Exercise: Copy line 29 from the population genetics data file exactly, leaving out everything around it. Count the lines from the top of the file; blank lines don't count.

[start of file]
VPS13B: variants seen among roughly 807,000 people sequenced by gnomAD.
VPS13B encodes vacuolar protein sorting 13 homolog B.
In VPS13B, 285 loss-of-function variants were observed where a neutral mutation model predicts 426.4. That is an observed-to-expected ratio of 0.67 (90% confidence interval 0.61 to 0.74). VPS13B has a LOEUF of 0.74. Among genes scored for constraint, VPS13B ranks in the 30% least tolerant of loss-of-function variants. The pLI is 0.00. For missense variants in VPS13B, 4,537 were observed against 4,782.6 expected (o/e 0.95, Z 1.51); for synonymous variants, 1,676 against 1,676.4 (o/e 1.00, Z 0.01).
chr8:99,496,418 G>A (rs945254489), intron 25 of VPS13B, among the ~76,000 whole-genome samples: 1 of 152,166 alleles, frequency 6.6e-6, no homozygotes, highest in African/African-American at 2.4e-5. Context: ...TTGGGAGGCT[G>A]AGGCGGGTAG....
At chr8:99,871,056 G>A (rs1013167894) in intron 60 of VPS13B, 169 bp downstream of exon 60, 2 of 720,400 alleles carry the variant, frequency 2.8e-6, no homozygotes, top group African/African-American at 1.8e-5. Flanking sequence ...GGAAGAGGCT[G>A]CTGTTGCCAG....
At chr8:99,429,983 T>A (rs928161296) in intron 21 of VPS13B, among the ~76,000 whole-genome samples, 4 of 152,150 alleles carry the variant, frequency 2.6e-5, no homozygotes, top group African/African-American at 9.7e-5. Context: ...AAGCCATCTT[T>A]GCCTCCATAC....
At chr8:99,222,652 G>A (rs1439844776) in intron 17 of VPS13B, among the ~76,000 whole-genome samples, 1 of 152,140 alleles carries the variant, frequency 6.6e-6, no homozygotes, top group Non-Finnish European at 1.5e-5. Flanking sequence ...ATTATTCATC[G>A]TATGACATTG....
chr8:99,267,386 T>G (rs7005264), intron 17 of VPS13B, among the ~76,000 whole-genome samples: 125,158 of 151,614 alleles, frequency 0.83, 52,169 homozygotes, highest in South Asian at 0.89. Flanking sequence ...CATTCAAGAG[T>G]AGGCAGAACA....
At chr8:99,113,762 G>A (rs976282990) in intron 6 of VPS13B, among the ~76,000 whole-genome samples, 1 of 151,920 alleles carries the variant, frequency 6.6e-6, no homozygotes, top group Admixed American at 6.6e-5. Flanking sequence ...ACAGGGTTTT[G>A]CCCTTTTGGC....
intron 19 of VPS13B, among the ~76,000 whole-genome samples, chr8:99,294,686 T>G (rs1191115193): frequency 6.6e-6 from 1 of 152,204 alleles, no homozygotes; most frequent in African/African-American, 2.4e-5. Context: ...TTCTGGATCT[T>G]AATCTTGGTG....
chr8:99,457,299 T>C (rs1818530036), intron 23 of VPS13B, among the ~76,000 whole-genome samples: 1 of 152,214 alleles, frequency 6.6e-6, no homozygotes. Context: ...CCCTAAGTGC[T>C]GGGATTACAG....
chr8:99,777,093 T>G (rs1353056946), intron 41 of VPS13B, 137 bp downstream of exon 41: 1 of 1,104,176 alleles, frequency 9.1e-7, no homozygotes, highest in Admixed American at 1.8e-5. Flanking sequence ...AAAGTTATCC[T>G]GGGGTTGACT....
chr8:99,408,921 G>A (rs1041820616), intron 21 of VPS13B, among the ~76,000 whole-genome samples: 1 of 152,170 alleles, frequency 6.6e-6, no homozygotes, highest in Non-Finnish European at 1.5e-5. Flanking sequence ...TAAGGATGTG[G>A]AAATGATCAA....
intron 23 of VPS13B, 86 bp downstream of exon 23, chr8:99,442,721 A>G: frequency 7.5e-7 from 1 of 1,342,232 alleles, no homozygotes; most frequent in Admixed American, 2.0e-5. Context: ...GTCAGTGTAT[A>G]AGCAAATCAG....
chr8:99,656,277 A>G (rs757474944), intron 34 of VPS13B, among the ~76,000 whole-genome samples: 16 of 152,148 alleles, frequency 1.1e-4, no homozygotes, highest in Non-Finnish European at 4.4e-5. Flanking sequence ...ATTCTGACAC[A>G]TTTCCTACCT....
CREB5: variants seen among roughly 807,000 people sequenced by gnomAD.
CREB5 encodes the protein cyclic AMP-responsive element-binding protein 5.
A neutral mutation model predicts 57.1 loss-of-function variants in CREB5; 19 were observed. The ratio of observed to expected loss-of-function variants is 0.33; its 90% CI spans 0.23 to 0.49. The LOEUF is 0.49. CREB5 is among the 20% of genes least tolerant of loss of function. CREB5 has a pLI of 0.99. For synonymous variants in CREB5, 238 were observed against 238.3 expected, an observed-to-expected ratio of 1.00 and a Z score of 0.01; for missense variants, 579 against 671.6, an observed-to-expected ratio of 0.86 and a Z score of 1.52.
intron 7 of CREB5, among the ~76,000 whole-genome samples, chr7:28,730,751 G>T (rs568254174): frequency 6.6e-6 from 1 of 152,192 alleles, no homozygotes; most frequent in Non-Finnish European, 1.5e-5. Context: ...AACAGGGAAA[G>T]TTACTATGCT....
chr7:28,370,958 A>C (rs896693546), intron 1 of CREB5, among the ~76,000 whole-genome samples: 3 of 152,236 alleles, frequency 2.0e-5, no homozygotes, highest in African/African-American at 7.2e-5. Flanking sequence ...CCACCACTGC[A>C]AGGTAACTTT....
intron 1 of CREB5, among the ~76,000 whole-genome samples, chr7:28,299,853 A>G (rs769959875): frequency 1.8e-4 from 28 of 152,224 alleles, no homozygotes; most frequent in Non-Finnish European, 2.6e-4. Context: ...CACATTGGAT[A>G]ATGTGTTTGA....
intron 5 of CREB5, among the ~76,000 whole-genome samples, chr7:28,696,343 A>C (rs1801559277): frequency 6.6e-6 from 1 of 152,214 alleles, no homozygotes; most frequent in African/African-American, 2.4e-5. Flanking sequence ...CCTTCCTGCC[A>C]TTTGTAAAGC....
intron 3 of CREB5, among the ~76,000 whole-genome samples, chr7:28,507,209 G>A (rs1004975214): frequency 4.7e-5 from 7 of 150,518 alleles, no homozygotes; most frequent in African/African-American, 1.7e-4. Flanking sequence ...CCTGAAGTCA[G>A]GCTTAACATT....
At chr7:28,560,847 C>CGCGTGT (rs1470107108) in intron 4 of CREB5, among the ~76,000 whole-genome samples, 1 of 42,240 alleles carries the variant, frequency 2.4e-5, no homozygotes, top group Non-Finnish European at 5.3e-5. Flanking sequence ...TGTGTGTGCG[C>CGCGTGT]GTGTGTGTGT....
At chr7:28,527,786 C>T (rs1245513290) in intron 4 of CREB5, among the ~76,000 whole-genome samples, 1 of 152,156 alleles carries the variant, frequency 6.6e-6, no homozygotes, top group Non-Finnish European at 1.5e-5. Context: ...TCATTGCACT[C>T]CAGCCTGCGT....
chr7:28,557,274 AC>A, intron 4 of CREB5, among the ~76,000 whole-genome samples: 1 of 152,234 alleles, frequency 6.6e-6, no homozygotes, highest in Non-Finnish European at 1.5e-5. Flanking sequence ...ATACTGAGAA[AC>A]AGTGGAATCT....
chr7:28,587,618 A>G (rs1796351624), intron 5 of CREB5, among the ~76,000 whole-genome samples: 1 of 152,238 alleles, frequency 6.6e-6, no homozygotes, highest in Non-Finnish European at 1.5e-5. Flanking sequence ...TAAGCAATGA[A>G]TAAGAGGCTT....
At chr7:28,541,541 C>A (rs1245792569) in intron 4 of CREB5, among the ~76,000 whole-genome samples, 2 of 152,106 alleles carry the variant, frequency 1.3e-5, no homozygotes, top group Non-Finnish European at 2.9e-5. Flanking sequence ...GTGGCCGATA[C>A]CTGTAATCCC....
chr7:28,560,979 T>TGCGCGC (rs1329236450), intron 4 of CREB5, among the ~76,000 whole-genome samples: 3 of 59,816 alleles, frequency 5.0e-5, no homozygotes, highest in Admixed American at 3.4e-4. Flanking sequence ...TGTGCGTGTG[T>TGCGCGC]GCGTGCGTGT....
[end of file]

chr7:28,560,979 T>TGCGCGC (rs1329236450), intron 4 of CREB5, among the ~76,000 whole-genome samples: 3 of 59,816 alleles, frequency 5.0e-5, no homozygotes, highest in Admixed American at 3.4e-4. Flanking sequence ...TGTGCGTGTG[T>TGCGCGC]GCGTGCGTGT....